Table of Contents
Judo and Jiu-jitsu are both grappling-based fighting styles that are widely popular around the world. Arguably, these are the two most famous grappling martial arts due to their popularity in the Olympics and the Rise of organizations like the UFC. Judo and BJJ are similar in the sense that the fights will clinch with opponents, work for takedowns, and submit their competition. In this article, we will take a further look at Judo vs. Jiu Jitsu.
Judo vs. Jiu-Jitsu: Key Differences
Judo and Brazilian jiu-jitsu are two of the more famous grappling arts in martial arts. BJJ and Judo are arts that can be used for self-defense purposes and have many things in common with one another when looking on the outside.
But as we dive deeper into the two martial arts, we find that there are key differences that separate the art forms in a way that most novice martial artists would not pick up.
To begin Judo is a martial art that primarily focuses on throwing techniques and stand-up game. The goal of a Judoka in competition or any match is to successfully throw your opponent on their back in a forceful manner. This process wins you a match, gives the person who did the action a full point and has a name called an ippon.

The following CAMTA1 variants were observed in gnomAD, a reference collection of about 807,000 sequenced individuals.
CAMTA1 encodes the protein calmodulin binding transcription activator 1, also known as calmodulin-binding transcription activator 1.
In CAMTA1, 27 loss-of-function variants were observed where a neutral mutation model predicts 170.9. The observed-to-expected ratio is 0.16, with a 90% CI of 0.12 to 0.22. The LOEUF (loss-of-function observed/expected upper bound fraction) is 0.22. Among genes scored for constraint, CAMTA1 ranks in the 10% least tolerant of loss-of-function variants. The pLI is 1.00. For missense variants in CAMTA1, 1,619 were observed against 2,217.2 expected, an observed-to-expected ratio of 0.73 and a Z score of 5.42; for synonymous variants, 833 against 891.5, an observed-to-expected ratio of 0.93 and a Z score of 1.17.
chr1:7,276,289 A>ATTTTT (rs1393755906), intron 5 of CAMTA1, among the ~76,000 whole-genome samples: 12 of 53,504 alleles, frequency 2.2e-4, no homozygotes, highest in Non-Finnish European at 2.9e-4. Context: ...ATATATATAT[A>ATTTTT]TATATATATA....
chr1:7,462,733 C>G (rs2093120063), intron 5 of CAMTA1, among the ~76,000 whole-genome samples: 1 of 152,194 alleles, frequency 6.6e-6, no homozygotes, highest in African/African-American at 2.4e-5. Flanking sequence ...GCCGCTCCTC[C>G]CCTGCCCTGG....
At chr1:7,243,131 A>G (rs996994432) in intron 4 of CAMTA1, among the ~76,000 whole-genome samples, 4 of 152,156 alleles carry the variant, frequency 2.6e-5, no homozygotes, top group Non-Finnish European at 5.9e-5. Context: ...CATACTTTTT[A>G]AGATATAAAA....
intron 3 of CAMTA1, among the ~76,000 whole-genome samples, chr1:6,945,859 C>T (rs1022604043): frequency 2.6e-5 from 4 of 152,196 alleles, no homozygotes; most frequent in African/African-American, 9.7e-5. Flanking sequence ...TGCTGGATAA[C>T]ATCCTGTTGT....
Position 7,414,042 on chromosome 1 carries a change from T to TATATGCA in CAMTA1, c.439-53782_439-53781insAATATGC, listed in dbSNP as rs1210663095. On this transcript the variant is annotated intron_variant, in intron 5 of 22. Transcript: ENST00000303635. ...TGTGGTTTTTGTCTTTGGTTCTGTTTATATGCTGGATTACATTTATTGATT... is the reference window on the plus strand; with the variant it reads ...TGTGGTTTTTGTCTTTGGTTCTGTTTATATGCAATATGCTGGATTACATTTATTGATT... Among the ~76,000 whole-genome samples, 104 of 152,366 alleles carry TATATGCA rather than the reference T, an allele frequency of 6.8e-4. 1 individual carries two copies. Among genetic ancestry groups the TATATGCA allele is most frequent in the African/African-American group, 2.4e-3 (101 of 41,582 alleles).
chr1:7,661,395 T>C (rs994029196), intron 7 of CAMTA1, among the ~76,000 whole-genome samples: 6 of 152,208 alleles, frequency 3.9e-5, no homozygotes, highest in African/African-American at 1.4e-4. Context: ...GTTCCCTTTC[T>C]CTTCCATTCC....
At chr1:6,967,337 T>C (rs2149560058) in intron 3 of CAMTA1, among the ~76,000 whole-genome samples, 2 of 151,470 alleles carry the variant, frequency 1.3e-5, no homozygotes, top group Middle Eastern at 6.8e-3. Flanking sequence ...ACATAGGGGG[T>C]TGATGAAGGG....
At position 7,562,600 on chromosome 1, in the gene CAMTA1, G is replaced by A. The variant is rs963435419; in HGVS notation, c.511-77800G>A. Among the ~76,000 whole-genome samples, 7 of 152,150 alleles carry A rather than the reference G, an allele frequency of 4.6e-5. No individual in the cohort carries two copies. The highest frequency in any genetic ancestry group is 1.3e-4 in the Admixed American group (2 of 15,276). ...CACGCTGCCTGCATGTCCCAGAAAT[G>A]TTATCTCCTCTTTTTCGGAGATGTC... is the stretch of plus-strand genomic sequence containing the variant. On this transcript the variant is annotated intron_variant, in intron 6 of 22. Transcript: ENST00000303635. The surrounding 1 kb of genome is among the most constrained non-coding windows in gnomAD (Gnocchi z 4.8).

Brazilian jiu-jitsu is entirely different in its approach to how matches are won. Like Judo, BJJ is a grappling-based martial art but primarily focuses on grappling, ground techniques, and finding the optimal solution to get your opponent to submit to your techniques.
BJJ and Judo share some similarities in regard to the techniques that are present in the sport but for now let’s dive further into what separates the two martial arts by looking at the differences in their rules and scoring systems.
Scoring System: Judo
The rules and regulations of Judo are governed by a federation known as the IJF (International Judo Federation). Majority of the rules for competitions are fostered by this group and regularly updated when the time is needed.